Your instruction on how to format Mac hard drive

The transition from hard drives to solid-state storage on both portable and desktop Macs has meant a significant reduction in storage space for most of us. That, in turn, has meant that many of us now have at least one external hard drive, SSD, or USB stick on which to store files. But those drives too quickly fill up, so it’s useful to know how to clean up an external hard drive. 

This article is your easy-to-follow guide on how to format an external hard drive on Mac. And before we dive into more details, first, you need to initialize that disk.

How to initialize external hard drive

Let’s say you get a brand-new external hard drive, or you own one already but never had the chance to use it. When connecting to your Mac for the first time, you’ll be required to go through the disk initialization process. What it means is Mac uses its own language to read the disk in order to give access to the user's content. 

Now, macOS usually initializes the external drive automatically, or it might require you to click Initialize button to start the process. But if this is not happening or you receive the message indicating an uninitialized disk, these might be the main causes:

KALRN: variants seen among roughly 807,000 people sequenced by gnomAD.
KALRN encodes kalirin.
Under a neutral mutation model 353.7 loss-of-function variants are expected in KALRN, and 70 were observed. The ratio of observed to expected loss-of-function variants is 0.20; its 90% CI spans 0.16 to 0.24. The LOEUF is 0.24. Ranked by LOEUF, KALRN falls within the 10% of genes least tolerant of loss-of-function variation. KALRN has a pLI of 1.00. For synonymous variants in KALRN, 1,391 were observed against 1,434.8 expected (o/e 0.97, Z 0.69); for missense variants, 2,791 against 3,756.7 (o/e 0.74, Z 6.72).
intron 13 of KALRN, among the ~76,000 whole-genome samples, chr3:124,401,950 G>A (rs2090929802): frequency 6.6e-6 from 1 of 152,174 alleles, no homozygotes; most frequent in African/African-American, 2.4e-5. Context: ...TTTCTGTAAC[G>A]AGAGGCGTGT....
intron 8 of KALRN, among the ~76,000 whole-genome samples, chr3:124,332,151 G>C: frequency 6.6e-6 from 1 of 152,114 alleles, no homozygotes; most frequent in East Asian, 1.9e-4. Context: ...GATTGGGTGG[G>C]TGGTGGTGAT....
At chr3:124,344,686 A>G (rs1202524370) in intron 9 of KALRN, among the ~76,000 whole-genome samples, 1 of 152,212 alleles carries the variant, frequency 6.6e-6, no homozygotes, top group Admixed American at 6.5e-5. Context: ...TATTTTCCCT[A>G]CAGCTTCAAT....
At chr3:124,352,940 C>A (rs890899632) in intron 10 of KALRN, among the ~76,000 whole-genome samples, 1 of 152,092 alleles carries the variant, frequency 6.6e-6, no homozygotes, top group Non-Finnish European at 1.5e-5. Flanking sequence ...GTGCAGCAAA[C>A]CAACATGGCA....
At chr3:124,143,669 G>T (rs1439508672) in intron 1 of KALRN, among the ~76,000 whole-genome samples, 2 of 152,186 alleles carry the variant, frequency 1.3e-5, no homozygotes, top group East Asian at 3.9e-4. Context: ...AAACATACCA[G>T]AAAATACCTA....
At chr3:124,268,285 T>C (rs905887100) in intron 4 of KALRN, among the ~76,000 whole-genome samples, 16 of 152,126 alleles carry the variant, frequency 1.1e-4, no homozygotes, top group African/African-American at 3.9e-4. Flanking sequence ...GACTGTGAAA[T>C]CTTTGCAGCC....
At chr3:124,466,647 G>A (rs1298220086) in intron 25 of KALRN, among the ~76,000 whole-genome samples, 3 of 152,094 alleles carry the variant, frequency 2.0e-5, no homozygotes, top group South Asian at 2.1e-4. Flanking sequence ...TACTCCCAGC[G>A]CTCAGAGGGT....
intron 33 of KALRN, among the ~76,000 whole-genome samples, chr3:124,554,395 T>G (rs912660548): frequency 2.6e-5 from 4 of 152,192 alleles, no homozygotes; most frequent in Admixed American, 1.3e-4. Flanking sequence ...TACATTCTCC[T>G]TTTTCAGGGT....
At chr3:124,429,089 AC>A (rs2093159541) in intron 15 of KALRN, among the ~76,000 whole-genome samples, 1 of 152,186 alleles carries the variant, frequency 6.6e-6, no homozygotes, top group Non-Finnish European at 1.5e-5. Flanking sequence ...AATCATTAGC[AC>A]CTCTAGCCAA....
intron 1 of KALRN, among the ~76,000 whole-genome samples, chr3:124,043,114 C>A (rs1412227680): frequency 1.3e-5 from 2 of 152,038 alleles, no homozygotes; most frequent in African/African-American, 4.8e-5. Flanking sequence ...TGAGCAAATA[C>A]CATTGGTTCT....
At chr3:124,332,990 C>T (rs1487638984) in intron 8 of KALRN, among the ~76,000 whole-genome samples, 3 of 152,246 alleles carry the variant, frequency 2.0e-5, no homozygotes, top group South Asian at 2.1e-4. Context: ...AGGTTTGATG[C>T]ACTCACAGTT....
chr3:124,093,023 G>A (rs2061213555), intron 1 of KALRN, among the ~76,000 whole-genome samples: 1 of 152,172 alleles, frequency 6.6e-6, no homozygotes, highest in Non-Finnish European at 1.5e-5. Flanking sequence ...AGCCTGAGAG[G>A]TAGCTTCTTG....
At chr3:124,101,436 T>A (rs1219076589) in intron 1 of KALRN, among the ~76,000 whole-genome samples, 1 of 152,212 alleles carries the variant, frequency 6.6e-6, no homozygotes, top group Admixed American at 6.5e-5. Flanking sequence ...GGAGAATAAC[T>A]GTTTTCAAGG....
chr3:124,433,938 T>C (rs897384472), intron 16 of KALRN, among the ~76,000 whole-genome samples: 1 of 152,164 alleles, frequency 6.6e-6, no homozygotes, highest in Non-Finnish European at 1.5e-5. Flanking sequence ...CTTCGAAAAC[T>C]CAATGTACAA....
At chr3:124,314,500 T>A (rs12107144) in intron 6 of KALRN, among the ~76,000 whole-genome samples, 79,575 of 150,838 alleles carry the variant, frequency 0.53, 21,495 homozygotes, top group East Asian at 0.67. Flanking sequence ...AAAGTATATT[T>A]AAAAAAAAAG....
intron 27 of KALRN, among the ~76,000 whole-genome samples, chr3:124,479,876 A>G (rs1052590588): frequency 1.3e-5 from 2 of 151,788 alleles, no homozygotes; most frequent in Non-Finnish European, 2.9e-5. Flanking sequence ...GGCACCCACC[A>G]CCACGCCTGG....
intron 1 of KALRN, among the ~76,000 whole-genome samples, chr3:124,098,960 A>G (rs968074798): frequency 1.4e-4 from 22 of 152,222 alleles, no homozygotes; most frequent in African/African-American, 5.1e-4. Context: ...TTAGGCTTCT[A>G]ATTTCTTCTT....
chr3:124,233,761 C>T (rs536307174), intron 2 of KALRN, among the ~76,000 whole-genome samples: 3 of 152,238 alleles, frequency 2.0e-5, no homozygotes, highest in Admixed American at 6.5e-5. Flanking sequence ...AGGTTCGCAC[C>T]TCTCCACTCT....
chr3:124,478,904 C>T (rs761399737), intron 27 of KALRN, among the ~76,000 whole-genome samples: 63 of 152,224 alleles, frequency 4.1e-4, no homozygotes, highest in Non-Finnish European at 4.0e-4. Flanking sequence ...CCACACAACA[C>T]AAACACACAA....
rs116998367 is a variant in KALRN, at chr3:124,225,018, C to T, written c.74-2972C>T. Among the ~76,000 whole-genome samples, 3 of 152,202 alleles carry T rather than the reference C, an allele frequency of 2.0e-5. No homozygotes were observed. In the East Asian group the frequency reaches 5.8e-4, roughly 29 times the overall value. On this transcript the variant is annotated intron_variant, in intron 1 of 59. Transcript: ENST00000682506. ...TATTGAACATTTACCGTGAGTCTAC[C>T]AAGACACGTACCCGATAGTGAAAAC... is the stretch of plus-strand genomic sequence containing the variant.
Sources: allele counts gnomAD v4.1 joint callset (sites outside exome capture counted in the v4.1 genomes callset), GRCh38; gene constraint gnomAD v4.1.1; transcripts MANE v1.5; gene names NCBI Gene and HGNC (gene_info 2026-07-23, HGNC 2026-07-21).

• Your partition is lost

  • Your connection is unstable or lost

  • Your hardware is damaged

  • Your file system is corrupted

  • Your Mac might be infected with a virus

To fix it, try restarting your Mac, reconnecting the external hard drive, reinstalling/upgrading macOS, or formatting the disk.

How to format an external hard drive on Mac 

Let's figure out how to format the following types of volumes:

  • USB drive or flash stick
  • External hard drive
  • Internal hard drive

How to format a hard drive for Mac using Disk Utility

Apple's Disk Utility is the tool you need to format and erase your drive. But before that, you'll have to decide: are you erasing just a volume on your drive or your main startup drive? The latter contains your macOS, and if you erase it without a prior backup, you'll be in trouble. So make sure you backup your data first.

Okay. Suppose you'd like to format a hard drive that is your startup drive. Then, you'll need to start your Mac in a Recovery Mode.

To start up your Apple silicon-based Mac in Recovery:

  1. Shut down your Mac.
  2. Press the power button on your Mac and hold it until “Loading startup options” shows up.
  3. Click Options, then hit Continue.
  4. Click an administrator account and hit the Next button.
  5. Type in your password and click Continue.

To use macOS Recovery on Intel-based Macs: